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2011 - 55th Annual Conference of the Comparative and International Education Society Words: 260 words || 
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1. Mao, Chin-Ju. "TABLE 5. Reforming Taiwanese high school history curriculum as a response to global times" Paper presented at the annual meeting of the 55th Annual Conference of the Comparative and International Education Society, Fairmont Le Reine Elizabeth, Montreal, Quebec, Canada, Apr 30, 2011 <Not Available>. 2019-08-20 <http://citation.allacademic.com/meta/p505837_index.html>
Publication Type: Conference Paper/Unpublished Manuscript
Review Method: Peer Reviewed
Abstract: This paper will analyze how a new high school history curriculum in Taiwan is introduced in response to contradictory public debates calling for both more local/national and more global forms of citizenship. While early globalization theory predicted the demise of the nation-state, more recent work has acknowledged the contradictory tensions between centripetal and centrifugal forces and the counter-effort to re-energize national boundaries and sentiments (Beck, 2004; Robertson, 2001). Beck (2004) argues for ‘processes of renationalization’ in face of globalization(p.150 ). Taiwanese high school history curriculum reform can be seen as a set of such ‘social coordinates’ in which is called for to re-make, re-plot and re-fix national identity in the face of the significant social changes and the melting of ascribed collective identities.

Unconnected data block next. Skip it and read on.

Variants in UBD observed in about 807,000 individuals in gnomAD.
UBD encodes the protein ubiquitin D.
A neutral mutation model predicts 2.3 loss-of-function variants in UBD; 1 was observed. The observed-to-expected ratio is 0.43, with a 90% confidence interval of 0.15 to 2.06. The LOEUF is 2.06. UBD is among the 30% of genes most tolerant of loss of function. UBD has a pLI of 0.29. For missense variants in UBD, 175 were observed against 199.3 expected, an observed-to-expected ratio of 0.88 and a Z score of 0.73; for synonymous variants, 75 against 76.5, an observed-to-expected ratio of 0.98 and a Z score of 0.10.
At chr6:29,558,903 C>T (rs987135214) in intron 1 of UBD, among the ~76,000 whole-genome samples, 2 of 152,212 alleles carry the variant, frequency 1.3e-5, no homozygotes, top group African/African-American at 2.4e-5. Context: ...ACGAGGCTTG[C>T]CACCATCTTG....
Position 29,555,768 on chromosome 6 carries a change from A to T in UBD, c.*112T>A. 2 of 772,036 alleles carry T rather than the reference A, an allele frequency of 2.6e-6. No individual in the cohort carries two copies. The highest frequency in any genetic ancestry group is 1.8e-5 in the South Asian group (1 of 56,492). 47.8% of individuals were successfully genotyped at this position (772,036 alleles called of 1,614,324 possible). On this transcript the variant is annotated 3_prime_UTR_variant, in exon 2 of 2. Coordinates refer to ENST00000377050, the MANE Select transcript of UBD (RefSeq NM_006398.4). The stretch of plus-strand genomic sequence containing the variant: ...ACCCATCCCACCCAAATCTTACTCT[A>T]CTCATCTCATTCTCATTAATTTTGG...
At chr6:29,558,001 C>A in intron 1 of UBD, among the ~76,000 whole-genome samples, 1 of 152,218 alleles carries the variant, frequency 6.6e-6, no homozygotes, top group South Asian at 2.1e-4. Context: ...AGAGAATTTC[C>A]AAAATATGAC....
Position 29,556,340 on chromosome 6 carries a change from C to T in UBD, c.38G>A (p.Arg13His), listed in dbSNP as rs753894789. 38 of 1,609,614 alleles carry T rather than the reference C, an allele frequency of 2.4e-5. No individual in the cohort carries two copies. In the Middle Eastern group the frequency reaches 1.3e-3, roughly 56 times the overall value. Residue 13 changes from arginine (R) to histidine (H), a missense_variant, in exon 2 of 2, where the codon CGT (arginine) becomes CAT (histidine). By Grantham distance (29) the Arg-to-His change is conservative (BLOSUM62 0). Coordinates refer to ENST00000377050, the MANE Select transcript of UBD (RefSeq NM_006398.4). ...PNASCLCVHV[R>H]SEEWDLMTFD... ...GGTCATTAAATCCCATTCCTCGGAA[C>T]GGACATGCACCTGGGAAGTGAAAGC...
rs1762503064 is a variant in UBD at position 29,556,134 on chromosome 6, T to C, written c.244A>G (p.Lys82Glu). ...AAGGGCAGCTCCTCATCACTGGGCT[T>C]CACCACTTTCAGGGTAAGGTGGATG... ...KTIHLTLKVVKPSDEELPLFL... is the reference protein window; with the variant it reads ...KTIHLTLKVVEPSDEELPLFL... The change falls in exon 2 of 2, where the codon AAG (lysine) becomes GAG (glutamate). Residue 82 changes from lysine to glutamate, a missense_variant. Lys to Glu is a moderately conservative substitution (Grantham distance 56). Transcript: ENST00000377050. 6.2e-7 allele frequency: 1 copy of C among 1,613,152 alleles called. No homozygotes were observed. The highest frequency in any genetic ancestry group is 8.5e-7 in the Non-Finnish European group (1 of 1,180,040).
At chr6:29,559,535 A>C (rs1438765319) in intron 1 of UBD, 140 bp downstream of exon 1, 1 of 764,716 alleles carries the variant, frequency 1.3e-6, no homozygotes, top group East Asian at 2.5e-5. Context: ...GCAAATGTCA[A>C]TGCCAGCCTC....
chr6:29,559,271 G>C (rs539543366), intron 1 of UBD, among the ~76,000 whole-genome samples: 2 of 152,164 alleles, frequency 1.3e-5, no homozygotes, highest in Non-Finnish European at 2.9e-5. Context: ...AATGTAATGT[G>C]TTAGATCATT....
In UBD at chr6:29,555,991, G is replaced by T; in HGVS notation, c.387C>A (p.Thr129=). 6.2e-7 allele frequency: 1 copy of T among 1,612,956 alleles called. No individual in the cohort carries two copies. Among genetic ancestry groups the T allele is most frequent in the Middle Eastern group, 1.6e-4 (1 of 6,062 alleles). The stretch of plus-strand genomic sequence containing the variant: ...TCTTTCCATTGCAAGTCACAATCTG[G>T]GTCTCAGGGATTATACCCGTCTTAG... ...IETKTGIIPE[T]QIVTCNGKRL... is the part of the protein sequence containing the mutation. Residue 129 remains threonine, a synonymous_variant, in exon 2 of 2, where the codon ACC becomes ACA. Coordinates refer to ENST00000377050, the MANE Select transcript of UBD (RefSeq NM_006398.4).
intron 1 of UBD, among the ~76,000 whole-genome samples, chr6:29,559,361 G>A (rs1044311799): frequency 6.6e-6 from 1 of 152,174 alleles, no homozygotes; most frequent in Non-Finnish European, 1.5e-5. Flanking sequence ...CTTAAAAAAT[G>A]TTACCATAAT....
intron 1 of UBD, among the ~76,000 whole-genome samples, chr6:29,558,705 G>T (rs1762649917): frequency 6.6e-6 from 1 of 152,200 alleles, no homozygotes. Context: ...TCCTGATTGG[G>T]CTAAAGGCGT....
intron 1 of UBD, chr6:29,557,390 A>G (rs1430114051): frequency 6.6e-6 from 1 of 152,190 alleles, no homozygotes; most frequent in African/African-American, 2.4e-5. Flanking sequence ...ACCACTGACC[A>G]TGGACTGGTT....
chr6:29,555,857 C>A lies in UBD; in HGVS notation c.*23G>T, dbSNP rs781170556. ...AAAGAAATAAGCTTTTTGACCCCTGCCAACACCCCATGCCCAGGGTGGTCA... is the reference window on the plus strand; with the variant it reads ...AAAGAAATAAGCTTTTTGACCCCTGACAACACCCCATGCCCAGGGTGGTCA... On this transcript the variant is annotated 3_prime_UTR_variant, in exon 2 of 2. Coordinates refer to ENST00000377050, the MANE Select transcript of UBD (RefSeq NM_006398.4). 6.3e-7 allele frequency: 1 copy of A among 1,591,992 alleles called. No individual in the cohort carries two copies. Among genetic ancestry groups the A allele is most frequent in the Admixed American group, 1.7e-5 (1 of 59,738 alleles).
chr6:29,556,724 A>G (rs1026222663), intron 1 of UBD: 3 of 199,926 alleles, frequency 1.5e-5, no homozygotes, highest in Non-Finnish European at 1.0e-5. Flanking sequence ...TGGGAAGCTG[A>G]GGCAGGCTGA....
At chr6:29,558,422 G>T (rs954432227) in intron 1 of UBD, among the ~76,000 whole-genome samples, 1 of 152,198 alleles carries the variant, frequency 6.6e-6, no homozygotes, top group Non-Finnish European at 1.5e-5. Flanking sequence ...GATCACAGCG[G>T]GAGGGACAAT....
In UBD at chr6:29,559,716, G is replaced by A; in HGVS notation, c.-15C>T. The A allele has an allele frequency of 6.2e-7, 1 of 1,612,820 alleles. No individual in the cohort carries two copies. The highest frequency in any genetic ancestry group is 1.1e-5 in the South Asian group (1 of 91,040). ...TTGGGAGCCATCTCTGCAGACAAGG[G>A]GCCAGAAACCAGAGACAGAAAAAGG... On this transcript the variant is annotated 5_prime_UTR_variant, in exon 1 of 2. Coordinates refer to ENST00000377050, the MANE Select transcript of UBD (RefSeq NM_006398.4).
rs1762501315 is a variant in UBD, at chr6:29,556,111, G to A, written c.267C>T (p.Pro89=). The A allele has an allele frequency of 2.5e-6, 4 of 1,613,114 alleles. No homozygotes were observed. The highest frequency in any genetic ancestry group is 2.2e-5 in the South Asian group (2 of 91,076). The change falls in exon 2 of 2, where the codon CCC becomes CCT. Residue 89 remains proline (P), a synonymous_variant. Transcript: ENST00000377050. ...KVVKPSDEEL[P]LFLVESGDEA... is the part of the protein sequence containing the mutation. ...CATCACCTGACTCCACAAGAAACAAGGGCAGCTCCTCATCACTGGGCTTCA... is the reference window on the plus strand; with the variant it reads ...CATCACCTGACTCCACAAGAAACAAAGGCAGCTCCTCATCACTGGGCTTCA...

The analysis of this paper will work with documents in the public realm and interviews with teachers and students.
Tentative findings of this paper are: In the new curriculum, history subject is framed as three cycles, Taiwanese history, Chinese History, and World history, in which Taiwanese history is treated as the most inner cycle that should be taught first. Such “a theory of curriculum framework- called concentric cycles” results in heating debates over which forms of identity are being constructed through teaching history. Teachers and students, on the other hand, view history learning in two ways- state of memorizing history facts, and ways of knowing how history knowledge is produced. The latter seems to bring up a way for students to deconstruct history “facts” which are selected for re-nationalization work.


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